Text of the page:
Playback of video is a totally different thing and the AIW cards performed exactly the same as regular video cards based on the same chip. At the time, playing video on the PC was more rare and the video playback of all cards was essentially the same because no cards offered hardware deinterlacing on their video cards. Now, video on the PC is abundant and is the new Killer App (besides graphics) which drives PC performance, storage, and internet speed. Nvidia was first to the party offering Purevideo support, which did hardware deinterlacing for DVDs and SD TV on the video card instead of in software. It was far superior to any software solution at the time (save a few diehard fans of Dscaler with IVTC) and came out at exactly the right time, with the introduction of media center and cheap TV tuner cards and HD video. Now, Purevideo 2 and AVIVO HD introduce the same high quality deinterlacing to HD video for mpeg2 (7600GT and up could do HD mpeg2 deinterlacing) as well as VC-1 and H.264 content. If you don't think this is important, remember that all new satelite HD broadcasts coming online are in 1080i h264, requiring deinterlacing to look its best, and new products are coming and exist already if you are willing to work for it, that allow you to record this content on your computer. Also, new TV series are likely to be released in 1080i on HD discs because that is their most common broadcast format. If you don't need this fine, but they sell a lot of cards to people who do.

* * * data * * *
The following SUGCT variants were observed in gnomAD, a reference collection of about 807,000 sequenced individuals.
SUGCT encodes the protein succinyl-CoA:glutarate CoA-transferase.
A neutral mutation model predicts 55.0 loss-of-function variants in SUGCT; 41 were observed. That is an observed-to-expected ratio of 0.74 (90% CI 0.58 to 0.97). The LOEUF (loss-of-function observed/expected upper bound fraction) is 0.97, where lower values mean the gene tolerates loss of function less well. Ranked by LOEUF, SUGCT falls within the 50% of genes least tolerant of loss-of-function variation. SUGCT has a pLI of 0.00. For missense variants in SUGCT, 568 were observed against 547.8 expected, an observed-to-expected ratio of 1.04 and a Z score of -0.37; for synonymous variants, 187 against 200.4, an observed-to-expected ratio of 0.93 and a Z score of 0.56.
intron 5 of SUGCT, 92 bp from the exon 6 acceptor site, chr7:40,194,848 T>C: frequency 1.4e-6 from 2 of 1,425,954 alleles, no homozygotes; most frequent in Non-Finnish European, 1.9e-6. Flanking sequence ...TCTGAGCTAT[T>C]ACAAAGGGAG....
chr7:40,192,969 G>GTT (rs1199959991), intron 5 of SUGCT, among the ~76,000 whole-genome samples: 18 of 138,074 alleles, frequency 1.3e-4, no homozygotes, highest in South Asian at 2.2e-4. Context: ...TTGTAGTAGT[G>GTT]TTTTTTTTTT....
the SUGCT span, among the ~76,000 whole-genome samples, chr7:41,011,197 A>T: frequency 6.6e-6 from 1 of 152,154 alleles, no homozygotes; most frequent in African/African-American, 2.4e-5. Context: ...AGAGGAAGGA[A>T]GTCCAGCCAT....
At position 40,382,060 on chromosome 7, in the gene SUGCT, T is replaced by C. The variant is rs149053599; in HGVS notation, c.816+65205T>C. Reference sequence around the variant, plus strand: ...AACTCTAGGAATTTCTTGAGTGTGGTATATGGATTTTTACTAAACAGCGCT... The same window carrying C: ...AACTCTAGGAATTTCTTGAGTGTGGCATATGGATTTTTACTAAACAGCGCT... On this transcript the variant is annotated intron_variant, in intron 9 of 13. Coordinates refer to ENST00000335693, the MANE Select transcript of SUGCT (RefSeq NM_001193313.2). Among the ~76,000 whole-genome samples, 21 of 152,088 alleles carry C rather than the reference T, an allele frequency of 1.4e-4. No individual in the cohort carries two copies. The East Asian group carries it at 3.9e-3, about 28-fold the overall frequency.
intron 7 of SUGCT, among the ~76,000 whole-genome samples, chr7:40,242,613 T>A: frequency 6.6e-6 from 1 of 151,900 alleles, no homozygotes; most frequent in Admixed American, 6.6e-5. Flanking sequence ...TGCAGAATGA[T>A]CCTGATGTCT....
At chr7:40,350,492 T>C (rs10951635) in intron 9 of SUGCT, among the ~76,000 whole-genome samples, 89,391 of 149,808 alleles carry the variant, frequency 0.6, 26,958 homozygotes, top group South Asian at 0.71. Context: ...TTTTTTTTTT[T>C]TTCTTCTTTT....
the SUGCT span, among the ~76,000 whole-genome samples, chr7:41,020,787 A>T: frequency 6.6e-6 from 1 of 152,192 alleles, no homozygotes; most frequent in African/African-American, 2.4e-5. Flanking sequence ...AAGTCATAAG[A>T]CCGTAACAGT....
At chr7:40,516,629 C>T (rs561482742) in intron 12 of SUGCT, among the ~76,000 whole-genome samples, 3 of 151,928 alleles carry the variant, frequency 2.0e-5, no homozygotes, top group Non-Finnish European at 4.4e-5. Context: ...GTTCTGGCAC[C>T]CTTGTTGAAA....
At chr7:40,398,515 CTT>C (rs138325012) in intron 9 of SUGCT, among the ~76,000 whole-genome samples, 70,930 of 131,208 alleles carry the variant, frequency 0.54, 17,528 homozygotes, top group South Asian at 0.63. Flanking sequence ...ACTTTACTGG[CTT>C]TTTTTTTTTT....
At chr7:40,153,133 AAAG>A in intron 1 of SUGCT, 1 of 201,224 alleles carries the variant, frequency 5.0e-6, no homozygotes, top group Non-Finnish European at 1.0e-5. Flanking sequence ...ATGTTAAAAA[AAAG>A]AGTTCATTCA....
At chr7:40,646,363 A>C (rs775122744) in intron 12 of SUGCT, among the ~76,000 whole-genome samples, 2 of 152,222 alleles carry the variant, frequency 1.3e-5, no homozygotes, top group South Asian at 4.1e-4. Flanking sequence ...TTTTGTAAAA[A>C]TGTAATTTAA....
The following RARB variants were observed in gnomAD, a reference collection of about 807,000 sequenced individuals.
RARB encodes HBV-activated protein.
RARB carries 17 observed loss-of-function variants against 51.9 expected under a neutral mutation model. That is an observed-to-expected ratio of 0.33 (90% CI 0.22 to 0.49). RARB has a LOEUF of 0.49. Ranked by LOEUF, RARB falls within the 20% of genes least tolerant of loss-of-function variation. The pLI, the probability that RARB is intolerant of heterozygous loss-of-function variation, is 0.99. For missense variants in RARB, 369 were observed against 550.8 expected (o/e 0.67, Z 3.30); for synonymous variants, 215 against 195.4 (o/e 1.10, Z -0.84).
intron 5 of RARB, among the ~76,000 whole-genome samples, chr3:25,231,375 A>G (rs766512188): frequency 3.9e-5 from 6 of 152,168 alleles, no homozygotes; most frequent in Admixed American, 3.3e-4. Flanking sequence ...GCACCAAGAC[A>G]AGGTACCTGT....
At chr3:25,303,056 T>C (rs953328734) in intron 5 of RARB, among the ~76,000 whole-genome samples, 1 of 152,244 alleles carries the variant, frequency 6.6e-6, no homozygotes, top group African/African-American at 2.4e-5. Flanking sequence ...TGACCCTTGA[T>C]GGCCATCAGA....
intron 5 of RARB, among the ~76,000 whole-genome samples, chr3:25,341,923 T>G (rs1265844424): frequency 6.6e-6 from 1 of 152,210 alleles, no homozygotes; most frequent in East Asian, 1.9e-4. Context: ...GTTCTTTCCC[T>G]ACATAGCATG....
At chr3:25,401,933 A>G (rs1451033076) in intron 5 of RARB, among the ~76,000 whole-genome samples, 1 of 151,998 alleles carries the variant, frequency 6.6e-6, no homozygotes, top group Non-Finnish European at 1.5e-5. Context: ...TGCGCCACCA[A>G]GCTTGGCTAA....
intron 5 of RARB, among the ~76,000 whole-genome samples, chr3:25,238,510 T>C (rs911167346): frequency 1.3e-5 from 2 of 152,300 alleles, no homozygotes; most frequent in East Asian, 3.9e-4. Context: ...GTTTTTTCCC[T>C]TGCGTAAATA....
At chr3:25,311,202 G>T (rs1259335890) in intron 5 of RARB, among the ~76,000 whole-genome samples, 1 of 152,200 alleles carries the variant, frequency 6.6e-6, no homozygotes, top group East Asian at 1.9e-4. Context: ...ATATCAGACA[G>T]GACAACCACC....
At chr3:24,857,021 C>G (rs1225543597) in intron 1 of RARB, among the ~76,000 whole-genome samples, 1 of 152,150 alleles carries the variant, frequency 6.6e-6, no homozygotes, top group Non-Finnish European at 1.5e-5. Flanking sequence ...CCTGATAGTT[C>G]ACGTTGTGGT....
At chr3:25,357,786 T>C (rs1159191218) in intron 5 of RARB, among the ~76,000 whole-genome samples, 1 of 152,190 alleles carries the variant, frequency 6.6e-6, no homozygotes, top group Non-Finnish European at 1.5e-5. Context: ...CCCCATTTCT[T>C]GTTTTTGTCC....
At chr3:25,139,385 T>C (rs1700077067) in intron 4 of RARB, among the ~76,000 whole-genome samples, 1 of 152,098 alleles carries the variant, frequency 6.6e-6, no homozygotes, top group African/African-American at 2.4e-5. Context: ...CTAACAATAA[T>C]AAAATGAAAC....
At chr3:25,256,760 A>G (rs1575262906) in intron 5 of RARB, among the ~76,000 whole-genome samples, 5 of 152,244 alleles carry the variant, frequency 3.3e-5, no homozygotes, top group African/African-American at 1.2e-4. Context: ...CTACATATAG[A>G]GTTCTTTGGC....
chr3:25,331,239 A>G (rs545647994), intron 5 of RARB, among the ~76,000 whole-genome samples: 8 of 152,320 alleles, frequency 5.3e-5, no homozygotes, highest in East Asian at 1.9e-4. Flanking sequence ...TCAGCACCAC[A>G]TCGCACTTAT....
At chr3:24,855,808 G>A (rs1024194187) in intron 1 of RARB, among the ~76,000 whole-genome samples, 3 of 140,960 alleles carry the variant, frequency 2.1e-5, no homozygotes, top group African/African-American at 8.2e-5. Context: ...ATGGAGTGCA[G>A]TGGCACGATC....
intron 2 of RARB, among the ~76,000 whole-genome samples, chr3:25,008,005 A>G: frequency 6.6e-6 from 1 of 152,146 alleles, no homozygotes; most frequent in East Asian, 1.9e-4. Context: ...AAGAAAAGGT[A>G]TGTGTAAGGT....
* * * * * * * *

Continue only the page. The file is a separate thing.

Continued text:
Reply
  • autoboy - Wednesday, July 25, 2007 - link

    Oh, I forgot to mention that only the video decode acceleration requires extra transistors, the deinterlacing calculations are done on the programable shaders of the cards requiring no additional hardware, just extra code in the drivers to work. The faster the video card, the better your deinterlacing, which explains why the 2400 and the 8500 cannot get perfect scores on the HQV tests. You can verify this on HD 2X00 cards by watching the GPU% in Riva Tuner while forcing different adaptive deinterlacing in CCC. This only works in XP btw. Reply